i personally hate clean-up, and i've not ever experienced a slow or stuck sparge before fortunately. so to be honest, i'm choosing not to put it in the mash simply to avoid the possibilities of what i described above. sorry if it sounds silly.

but if my first rodeo this weekend goes well, then i bet the next time i'll try something different like put pumpkin in the mash, or dissolve it in the strike water (may used canned pumpkin in that case).
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Old 09-05-2012, 04:01 AM   #8
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I just brewed two pumpkin ales this past week, except I used butternut squash. It tastes more like pumpkin than pumpkin (sounds strange I know). I cut the squash, removed the seeds and then steamed it. After peeling the skin off, I then hand mashed the squash flesh. Here is the most important part. PUT IT IN A NYLON GRAIN BAG. Then add to the mash. I do 1.5 qts/lb for the mash and stir every 10 minutes. I have a heated MLT, so it's easy to do multi-step mashes with this high of a ratio. I pull out the grain bag before doing the lauter. This way there is no way there can be a stuck mash. I just put the first batch into secondary and it's very orange and has just enough pumpkin (or squash) flavor, but not too much.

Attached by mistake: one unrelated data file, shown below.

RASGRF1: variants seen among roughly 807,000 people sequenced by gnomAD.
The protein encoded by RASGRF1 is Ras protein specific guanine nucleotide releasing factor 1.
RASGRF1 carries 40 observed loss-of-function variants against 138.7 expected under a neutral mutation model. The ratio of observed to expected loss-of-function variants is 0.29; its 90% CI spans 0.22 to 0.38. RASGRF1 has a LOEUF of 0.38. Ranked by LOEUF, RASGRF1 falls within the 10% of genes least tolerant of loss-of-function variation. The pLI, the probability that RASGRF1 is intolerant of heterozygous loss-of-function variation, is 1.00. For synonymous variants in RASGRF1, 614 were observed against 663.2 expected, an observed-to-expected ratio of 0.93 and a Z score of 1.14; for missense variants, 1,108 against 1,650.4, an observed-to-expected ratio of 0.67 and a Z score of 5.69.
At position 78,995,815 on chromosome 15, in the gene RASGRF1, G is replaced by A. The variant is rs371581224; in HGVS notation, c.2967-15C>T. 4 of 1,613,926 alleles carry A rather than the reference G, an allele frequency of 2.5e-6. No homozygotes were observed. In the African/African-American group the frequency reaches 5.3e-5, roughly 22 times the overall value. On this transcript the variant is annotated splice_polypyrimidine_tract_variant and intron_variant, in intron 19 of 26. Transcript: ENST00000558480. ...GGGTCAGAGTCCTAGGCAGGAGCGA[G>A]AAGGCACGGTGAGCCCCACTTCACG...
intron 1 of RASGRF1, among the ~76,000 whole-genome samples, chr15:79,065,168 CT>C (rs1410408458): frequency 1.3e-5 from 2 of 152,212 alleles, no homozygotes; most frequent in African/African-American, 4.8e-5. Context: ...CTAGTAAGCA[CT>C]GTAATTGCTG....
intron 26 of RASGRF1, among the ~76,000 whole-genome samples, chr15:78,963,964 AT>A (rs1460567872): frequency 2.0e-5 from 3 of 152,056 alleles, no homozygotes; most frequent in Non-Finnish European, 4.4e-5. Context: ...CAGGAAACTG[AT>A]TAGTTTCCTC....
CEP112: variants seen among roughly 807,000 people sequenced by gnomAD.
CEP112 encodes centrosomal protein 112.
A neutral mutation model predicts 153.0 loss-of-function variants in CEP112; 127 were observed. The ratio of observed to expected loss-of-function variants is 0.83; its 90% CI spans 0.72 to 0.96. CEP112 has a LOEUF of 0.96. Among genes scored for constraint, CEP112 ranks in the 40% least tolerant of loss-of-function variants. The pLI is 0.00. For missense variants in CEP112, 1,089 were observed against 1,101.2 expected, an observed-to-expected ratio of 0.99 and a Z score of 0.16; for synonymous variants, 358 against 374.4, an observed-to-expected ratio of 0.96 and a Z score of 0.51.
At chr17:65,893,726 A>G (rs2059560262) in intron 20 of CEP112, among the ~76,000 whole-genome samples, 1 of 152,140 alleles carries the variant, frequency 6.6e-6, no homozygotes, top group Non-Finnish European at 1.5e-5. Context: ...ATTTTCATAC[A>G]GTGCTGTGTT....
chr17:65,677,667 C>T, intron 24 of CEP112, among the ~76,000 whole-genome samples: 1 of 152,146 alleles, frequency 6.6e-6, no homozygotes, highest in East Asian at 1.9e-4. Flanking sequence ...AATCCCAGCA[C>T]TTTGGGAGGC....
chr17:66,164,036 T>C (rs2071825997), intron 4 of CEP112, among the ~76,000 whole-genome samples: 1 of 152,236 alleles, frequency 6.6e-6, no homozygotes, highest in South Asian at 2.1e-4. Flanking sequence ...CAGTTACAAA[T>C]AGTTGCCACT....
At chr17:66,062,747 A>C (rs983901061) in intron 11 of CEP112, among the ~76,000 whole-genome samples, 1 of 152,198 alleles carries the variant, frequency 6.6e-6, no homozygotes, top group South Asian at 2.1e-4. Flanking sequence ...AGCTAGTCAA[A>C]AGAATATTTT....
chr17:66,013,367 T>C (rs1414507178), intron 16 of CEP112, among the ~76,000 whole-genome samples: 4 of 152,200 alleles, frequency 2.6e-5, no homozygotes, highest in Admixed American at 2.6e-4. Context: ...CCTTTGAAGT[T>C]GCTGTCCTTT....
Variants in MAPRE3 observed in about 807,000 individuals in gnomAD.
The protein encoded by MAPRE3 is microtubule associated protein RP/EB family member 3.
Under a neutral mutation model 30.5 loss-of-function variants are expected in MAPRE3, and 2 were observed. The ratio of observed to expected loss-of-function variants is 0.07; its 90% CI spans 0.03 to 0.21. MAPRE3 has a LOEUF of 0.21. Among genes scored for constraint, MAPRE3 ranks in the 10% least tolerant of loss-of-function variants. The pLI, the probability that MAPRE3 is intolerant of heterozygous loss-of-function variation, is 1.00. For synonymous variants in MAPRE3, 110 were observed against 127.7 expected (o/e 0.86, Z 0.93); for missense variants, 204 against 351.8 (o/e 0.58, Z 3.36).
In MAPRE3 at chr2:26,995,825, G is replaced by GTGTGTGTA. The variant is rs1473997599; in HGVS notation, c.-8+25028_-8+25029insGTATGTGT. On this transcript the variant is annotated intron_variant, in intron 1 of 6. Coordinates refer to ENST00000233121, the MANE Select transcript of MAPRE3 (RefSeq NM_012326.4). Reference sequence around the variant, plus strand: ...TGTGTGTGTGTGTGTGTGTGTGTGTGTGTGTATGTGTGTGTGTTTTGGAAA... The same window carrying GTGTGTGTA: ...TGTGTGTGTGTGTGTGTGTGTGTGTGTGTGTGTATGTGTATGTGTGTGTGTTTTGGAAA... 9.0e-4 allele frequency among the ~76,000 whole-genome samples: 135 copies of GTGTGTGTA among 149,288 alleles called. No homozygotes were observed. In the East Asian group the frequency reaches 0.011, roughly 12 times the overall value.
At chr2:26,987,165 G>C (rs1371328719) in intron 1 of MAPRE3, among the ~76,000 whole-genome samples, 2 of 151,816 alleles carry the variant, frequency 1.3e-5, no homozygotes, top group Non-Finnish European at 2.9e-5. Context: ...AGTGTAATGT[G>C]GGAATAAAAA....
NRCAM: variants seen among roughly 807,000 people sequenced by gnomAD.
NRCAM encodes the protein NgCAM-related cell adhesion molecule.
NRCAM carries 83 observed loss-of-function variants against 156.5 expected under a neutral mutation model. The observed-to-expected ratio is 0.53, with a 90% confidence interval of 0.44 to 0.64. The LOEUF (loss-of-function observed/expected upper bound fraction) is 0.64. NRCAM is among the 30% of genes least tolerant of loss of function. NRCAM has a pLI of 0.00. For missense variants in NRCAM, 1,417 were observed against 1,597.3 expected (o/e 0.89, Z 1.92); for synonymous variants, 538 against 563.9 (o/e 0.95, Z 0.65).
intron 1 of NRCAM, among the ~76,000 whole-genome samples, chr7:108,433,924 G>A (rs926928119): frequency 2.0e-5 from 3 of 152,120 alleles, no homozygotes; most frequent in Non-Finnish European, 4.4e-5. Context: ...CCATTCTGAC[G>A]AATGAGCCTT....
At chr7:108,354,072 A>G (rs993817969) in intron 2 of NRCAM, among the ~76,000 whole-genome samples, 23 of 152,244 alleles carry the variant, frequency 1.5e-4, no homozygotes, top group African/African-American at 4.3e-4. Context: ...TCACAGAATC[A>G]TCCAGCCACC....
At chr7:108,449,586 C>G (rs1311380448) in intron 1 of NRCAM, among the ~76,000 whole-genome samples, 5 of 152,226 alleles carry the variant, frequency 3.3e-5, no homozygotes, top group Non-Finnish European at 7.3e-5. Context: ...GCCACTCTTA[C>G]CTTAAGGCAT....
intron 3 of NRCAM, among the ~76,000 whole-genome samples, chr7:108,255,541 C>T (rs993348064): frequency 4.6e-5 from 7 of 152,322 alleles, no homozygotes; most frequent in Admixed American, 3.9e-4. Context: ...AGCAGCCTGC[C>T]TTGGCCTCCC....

Hope this helps. Good luck!

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Old 09-05-2012, 05:04 AM   #9
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I recently made a pumpkin beer with my wife. I wanted to put the pumpkin in the mash, she wanted to put the pumpkin in the boil. So we compromised, and did both. We put a pound of canned pumpkin in the mash, and it stuck like crazy. So we stirred in some rice hulls and everything was ok. Then we added another pound of canned pumpkin to the boil, and finished up the brew day. After all the pumpkin that was added in boil settled out in primary i think we lost at least a gallon to the trub.